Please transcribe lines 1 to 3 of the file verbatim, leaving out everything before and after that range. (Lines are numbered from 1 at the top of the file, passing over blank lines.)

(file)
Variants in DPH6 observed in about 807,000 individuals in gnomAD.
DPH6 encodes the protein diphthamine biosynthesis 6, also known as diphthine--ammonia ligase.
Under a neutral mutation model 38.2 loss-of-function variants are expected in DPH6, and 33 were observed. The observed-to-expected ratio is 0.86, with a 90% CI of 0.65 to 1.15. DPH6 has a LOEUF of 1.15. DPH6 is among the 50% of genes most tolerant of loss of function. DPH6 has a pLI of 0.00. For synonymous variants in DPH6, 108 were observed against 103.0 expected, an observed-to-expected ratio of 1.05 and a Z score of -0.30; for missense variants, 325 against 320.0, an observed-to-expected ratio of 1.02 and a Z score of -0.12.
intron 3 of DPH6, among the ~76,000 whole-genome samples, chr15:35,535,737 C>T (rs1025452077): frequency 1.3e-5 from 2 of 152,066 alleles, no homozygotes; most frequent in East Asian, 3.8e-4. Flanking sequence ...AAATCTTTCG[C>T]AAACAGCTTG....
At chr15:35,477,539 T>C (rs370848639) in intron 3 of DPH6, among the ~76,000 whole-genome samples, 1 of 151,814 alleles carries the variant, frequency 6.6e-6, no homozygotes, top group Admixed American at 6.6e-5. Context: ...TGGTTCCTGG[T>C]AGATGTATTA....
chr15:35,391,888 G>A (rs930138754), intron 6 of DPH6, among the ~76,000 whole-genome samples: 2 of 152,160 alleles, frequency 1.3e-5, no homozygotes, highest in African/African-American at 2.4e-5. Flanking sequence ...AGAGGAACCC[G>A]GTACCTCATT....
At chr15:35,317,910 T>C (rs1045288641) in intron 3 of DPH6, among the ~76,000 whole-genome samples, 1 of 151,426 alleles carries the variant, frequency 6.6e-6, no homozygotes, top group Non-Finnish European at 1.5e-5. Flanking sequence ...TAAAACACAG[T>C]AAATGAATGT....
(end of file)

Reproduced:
Variants in DPH6 observed in about 807,000 individuals in gnomAD.
DPH6 encodes the protein diphthamine biosynthesis 6, also known as diphthine--ammonia ligase.
Under a neutral mutation model 38.2 loss-of-function variants are expected in DPH6, and 33 were observed. The observed-to-expected ratio is 0.86, with a 90% CI of 0.65 to 1.15. DPH6 has a LOEUF of 1.15. DPH6 is among the 50% of genes most tolerant of loss of function. DPH6 has a pLI of 0.00. For synonymous variants in DPH6, 108 were observed against 103.0 expected, an observed-to-expected ratio of 1.05 and a Z score of -0.30; for missense variants, 325 against 320.0, an observed-to-expected ratio of 1.02 and a Z score of -0.12.